This article has been translated to Serbo-Croatian by WHGeeks .
You are on IRC one night and you encounter this dude. The two of you start to bicker like a couple of schoolgirls. The other dude said that he is gonna burn you so you challenge him to bring it on! All of the sudden, your super K-rad Windows95 box crashes leaving you with the blue screen of death. "What the hell?!" comes spewing forth from your blistered lips. So what just happened to your computer? Did your box crash because of that other lamer? How did he cause that blue screen? While it is common to get a blue screen, the timing was just too perfect. Welcome to the crappy world of WinNuke ladies and gents!!
II. What is WinNuke and how does it work?
The blue screen that you saw is the calling card for a now infamous DoS (Denial of Service) attack called WinNuke. Only effecting Win95, it works by sending a packet with "Out of Band" data to port 139 of the target host. First off, port 139 is the NetIOS port (see rfc1700 for port assignments) and does not accept packets unless the flag OOB is set in the incoming packet. The OOB stands for Out Of Band. When your machine accepts this packet, it causes your computer to crash and leaves you with nothing more than a blue screen (if you have used Windows before, you have likely seen this blue screen many of times before). Because the program accepting the packets doesn't know how to appropriately handle Out Of Band data, it does what any good Microsoft program does. It crashes.
III. Some WinNuke Programs
WinNuke is pretty much dated now and other DoS attacks are far more popular, but WinNuke was the first DoS used by the masses to crash each other. Because of that, it has long been the foundation for similiar attacks that utilize a single packet to crash a remote machine. Other programs/attacks like ______________________ utilize the same tactic as WinNuke. A specially crafted packet that the remote system can't understand or deal with and it is all over. What started out as an undeveloped command line utility designed to exploit the weakness, blossomed into dozens of utilities that perform the same function. Later versions of the WinNuke program were designed to send the packet to thousands of machines at once. After the wide spread abuse it received, ISPs and law enforcement started to take the attack more seriously. Shortly after WinNuke gained popularity, Microsoft supplied a patch to 'fix' the problem. The original WinNuke utility sent the word bewm as part of the payload of an OOB WinNuke packet. Microsoft in all their cleverness did not address the problem. The patch simply filtered all packets with "bewm" and ignored them. As you may have guessed, it was a matter of hours before WinNuke2 came out which randomized the payload of the packet. Microsoft eventually figured this out and issued a real patch. In subsequent months, the WinNuke attack has been ported to almost every language, imbedded into IRC scripts, and given a wide range of functionality.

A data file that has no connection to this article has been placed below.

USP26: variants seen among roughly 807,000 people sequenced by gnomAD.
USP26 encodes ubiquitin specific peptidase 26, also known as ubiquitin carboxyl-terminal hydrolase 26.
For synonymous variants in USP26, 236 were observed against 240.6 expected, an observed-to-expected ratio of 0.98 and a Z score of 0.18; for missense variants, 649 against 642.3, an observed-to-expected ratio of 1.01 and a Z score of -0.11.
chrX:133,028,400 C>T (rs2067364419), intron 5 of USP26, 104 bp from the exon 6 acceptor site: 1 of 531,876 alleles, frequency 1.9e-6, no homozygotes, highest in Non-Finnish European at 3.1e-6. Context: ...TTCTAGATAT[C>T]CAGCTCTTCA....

IV. How to Prevent this Attack
There are two general ways to stop WinNuke attacks. I recommend you take both steps because of obvious benefits.
#1. If you are running an older version of Windows, install the Microsoft patch (and information) found here.
#2. Run an external utility such as NukeNabber. Not only will this program protect you from WinNuke, it will also monitor several other ports looking for several other known Denial of Service attacks. On top of protecting you from these packets, it will log the IP Address of the person attempting to hit you. This can be used to notify the ISP of the attacker if needed. Despite this attack being somewhat outdate, knowledge of how it works and how to protect yourself is important. It acts as a foundation for several other attacks.
Edited by: Jericho & Mcintyre
HTMLized by: Mcintyre
(c) copyright 1999 Alaric